Bill Ackman is scaling back his anti-Herbalife bet, so why has the stock price fallen?

How do I make this not look like I’ve lost?
How do I make this not look like I’ve lost?
Image: The Canadian Press via AP/Pawel Dwulit
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Famed hedge fund manager Bill Ackman is scaling back his much-watched bet against vitamin king Herbalife. Normally, news that a big investor like Ackman was pulling back on a massive short position—he famously short-sold shares worth an estimated $1 billion late last year—would be a boon for the company’s share price. But instead, the share price has fallen more than 7%. How come?

Ackman, who maintains that Herbalife is a pyramid scheme, revealed last night in his quarterly letter to investors in his Pershing Square funds that he was curbing his bet on the health shake, vitamin and supplement peddler. His view has pulled him an unseemly spat with high-profile Herbalife shareholders including Carl Icahn, Dan Loeb and George Soros about the company’s legitimacy.

Wednesday’s share price fall comes after a sharp run-up, thanks in part to the company’s strong performance. The doubling of the stock price in 2013 (it rose 55% in the last quarter alone) is also partly due to Icahn and Loeb’s opposition to Ackman, which has forced Pershing to stomach big losses.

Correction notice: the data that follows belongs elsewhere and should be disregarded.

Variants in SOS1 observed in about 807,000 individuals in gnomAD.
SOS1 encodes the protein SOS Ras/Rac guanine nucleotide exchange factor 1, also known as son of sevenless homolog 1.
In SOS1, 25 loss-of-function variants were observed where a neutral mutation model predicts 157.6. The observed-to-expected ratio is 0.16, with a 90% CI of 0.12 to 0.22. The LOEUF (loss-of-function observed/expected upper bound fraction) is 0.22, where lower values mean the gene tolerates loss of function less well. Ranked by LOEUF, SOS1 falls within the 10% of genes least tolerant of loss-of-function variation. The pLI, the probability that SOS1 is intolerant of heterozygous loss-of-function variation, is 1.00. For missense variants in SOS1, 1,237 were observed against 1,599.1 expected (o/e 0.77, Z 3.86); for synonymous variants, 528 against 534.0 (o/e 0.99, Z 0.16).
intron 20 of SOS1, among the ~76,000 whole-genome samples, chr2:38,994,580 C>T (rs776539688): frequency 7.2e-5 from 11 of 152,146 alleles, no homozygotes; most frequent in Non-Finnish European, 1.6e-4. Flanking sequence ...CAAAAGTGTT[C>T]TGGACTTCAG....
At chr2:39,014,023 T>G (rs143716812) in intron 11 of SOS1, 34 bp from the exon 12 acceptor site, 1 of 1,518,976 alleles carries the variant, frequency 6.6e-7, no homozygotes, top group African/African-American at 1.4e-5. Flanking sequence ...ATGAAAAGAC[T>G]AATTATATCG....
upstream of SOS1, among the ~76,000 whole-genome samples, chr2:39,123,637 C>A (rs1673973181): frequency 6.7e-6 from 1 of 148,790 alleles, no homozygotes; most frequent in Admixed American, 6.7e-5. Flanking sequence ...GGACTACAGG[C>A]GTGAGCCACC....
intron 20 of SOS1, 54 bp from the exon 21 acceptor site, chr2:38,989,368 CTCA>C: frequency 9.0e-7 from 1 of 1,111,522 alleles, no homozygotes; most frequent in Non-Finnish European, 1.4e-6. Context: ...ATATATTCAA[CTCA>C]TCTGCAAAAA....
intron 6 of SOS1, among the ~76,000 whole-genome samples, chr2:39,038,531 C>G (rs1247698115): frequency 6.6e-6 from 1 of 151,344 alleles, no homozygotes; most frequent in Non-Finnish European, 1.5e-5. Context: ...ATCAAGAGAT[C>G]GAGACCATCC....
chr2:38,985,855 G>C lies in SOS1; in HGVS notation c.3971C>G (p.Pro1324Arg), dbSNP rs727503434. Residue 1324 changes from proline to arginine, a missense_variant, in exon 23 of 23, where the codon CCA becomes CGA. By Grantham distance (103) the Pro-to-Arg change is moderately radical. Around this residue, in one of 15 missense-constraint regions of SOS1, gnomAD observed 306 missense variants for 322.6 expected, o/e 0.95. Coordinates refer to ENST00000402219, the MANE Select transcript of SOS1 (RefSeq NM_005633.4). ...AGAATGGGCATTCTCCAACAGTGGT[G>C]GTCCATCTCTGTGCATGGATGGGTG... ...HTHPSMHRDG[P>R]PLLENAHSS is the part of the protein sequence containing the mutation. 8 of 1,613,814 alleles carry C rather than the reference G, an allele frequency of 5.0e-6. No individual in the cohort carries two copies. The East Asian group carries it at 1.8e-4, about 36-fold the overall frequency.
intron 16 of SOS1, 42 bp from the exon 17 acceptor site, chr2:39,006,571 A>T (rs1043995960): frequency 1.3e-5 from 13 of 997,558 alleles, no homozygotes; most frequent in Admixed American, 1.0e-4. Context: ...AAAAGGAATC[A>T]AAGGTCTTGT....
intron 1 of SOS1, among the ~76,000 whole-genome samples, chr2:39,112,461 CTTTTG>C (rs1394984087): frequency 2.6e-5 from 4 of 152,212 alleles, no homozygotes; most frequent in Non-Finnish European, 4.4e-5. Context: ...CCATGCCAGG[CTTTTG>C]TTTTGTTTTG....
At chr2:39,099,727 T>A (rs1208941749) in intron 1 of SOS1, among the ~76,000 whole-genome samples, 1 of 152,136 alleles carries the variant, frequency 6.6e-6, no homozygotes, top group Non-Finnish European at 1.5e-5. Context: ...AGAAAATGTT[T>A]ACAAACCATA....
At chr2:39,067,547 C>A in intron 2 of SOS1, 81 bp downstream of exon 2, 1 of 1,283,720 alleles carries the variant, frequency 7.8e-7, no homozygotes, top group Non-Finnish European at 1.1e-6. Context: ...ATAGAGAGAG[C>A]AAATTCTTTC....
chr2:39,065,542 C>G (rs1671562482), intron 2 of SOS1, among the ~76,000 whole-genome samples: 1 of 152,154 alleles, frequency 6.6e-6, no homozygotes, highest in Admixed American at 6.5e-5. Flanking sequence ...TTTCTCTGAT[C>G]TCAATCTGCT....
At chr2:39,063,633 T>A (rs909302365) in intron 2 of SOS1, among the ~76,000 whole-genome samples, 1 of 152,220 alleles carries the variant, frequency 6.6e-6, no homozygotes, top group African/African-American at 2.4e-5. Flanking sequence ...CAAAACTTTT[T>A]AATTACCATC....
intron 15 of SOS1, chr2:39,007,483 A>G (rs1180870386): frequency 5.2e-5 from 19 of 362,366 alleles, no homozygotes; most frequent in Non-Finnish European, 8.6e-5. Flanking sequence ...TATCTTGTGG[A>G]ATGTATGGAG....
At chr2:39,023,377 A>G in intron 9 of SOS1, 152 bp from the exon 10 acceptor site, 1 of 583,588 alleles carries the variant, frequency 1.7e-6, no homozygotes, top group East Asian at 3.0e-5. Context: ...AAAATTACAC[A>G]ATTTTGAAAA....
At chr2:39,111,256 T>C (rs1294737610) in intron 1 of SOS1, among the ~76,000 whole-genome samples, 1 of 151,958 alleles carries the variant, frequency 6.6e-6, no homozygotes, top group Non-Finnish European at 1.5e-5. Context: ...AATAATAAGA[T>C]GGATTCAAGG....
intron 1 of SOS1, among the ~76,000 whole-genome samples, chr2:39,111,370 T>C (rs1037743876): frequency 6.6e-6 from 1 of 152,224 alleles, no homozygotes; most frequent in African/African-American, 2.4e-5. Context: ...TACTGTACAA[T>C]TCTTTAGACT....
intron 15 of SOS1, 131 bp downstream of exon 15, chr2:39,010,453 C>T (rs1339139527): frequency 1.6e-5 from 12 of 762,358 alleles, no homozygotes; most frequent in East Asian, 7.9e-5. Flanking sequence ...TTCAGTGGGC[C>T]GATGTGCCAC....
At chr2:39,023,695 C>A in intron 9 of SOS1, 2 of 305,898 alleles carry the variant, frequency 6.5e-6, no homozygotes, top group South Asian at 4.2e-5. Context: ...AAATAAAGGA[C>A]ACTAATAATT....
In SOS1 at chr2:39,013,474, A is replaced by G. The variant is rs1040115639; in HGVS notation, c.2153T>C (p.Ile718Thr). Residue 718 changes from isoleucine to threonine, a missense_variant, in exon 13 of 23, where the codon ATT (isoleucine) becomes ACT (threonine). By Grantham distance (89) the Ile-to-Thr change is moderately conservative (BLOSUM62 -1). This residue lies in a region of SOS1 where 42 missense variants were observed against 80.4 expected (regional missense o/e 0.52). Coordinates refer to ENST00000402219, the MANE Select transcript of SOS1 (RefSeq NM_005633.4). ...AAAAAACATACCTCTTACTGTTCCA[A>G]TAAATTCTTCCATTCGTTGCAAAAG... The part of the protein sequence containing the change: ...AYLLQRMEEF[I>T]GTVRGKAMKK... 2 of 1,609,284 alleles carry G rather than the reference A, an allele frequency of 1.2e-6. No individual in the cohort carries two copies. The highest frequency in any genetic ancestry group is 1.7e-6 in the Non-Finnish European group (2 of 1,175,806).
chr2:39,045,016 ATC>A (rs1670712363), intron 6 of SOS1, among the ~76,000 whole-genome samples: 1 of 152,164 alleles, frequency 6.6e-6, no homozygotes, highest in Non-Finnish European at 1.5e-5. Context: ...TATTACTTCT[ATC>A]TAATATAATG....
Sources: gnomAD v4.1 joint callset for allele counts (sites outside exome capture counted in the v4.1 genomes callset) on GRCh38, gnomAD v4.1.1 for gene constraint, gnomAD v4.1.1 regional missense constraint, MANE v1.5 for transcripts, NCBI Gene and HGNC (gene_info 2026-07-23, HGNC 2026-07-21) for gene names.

But arguably a bigger force at play has been the market expectations of an epic “short squeeze” in the stock, based on the amount of Herbalife shares outstanding and the size of Ackman’s short position. A “short squeeze” is when short-sellers desperately scramble to buy back shares to cover their short positions, creating a virtuous circle of share buying, which in turn lifts the stock price. And the squeeze has been fueled by another rumor: that Herbalife was poised to buy back up to $2 billion of its own shares.

On top of that, the company’s stock is largely held by long-term shareholders, such as the company’s own executives, which likely created a shortage of stock accessible to short-sellers to cover their positions, driving share prices up further. That undoubtedly made it harder for Ackman to get hold of Herbalife shares in his latest move. He managed to cover 40% of the shares he sold short—and likely paid a big premium to do so.